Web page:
Mechanical Success

Published on 21.12.2010 - Moon Regan TransAntarctic Expedition

The Moon/Regan Transantarctic Expedition has just successfully completed its project, the return crossing of the 6th Continent in motor vehicles. From the ALE Union Glacier base camp to the start of the Ross Iceshelf via the South Pole and back.

The conditions are of course different from those that are usually experienced by those who choose to measure the vastness of the 6th Continent on foot, with only muscle power and will power at their disposal. Here is what one of the expedition members wrote on 19 December when they had just got back to the ALE base camp that they had left 20 days and 12 hours earlier. "...We quickly made our way back to the mess tent to enjoy scrambled eggs and bacon. For the first time in weeks we could sit at a table, eat off a plate and use real cutlery, and not a spork (spook, fork and knife creation). Hot coffee did not require us to melt snow and we we did not have to crouch in our tents and eat with our bowls around our knees...." Here you have the new language of adventure when it is motorised. While the first are in seventh heaven for simply being able to eat a little better than they usually did when they were making progress and cooking in their tents, the new explorers, for their part, are delighted to be able to sit down at a table and use some real kitchen utensils!

The atmosphere of the report of the difficulties encountered on the journey is also of course somewhat different. Here are some of the troubles encountered on 17 December when the convoy was approaching the Union Glacier camp: "... Like travelling down the Leverett it was not so, as we realised the rear tyre on SSV2 was losing air more quickly than the others. Valdi attempted a repair, filling the hole with a puncture kit, Gunni pointing out that he was probably the only man in Antarctica to ever have got a stone puncture on the snow. We had driven lopsided in SSV2 for over 600km, the air suspension not auto-levelling. Gunni finally decided a fix was in order and had the dashboard and front seat out of the vehicle within 30 minutes. Locating the problem, he had everyone out of the car and the problem fixed within the hour. The change was amazing, finally sitting level in the car and not on our side! Unfortunately, the tyre fix was not a permanent solution so we pulled over two hours later to change the tyre. The trailer, which was probably the single most hated item of the Expedition on account of its weight and inconvenience, providing the spare. Within a short time the tyre was changed, whilst Pete removed the half-shafts from SSV1, it having developed a clanking noise somewhere along the route. Hoping the problem was fixed, we loaded all the tools up, only to stop 100 yards later to confirm it wasn’t. As Pete had originally suspected, it was the drive shaft, so we set to work digging a mechanic pit in front of the SSV2 at Gunni’s request. With the job complete he then informed us the vehicle could only reverse so we filled it in and started again. The drive shaft to the rear axle was soon replaced and we were finally on our way, the mechanics’ ability to perform on-the-spot repairs amazing us all once again. ..."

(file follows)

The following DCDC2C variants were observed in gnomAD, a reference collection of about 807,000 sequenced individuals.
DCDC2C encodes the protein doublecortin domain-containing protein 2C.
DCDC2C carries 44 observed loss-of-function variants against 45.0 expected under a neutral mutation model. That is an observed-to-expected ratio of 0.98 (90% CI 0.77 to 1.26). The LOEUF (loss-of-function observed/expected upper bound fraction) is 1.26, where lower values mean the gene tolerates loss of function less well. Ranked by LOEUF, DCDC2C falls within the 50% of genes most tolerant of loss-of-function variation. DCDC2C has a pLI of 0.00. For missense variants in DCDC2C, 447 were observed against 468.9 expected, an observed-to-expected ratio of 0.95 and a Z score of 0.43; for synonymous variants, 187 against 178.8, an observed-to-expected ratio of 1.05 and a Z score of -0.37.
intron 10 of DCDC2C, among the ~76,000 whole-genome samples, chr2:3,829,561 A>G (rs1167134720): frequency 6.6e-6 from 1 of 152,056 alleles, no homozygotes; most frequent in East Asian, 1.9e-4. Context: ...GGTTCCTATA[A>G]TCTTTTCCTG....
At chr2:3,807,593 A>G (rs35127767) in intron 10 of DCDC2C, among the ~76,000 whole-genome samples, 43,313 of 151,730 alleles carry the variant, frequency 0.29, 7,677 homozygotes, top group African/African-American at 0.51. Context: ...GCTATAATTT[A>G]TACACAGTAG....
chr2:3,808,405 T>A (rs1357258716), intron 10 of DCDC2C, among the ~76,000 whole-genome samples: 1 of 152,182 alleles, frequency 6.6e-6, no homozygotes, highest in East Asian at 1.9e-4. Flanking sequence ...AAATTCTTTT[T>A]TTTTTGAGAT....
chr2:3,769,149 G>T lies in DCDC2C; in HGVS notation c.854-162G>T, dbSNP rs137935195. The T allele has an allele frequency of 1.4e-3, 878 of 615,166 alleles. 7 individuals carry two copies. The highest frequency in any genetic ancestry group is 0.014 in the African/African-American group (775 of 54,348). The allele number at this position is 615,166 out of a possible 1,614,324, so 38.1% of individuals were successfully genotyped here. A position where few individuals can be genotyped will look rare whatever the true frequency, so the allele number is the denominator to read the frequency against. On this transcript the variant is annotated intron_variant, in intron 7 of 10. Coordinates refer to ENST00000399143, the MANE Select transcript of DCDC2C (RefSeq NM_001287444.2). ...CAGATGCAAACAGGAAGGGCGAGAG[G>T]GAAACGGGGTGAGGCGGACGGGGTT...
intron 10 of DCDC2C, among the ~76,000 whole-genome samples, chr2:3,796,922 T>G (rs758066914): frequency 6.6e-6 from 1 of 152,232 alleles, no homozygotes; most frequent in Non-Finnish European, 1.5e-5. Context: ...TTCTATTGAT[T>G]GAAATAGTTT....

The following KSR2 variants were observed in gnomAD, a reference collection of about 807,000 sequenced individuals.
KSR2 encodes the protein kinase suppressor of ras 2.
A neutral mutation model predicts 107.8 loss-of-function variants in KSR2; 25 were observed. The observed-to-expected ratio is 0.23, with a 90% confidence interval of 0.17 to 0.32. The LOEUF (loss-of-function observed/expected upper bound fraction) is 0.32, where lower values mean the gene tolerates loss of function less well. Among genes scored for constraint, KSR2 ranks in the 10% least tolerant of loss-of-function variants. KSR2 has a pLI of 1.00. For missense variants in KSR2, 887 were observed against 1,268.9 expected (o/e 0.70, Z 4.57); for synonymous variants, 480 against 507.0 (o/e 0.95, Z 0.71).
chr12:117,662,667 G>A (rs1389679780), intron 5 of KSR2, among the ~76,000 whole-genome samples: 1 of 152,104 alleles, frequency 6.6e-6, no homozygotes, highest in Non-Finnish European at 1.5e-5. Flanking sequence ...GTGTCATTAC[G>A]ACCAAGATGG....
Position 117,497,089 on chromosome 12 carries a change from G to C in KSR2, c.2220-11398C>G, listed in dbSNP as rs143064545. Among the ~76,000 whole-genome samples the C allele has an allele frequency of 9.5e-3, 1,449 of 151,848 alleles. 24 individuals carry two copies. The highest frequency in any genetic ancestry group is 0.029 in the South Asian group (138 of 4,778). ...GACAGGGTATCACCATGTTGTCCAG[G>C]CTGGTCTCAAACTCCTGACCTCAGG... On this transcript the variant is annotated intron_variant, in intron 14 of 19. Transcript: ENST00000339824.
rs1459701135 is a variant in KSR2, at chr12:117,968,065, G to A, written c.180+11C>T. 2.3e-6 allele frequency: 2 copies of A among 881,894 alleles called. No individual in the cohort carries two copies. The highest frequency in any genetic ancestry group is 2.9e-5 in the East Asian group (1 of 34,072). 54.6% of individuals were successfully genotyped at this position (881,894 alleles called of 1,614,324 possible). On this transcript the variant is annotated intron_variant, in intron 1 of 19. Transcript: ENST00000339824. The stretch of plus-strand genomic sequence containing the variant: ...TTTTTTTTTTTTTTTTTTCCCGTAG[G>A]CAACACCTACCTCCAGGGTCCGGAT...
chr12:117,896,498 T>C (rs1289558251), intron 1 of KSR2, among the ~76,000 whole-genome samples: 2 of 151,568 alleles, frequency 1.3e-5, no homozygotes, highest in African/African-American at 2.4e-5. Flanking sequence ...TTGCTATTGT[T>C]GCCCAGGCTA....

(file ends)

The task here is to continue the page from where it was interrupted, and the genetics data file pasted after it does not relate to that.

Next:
As for the assessment of the expedition, we will rely on the official press release: "The 10-man team left Union Glacier on 25 November and arrived, via the Geographic South Pole, on the Ross Ice Shelf on 9 December. They then retraced their tracks and completed the return journey on 17 December. In all they covered nearly 4,000 km and travelled for 20 days, 12 hours and 30 minutes."

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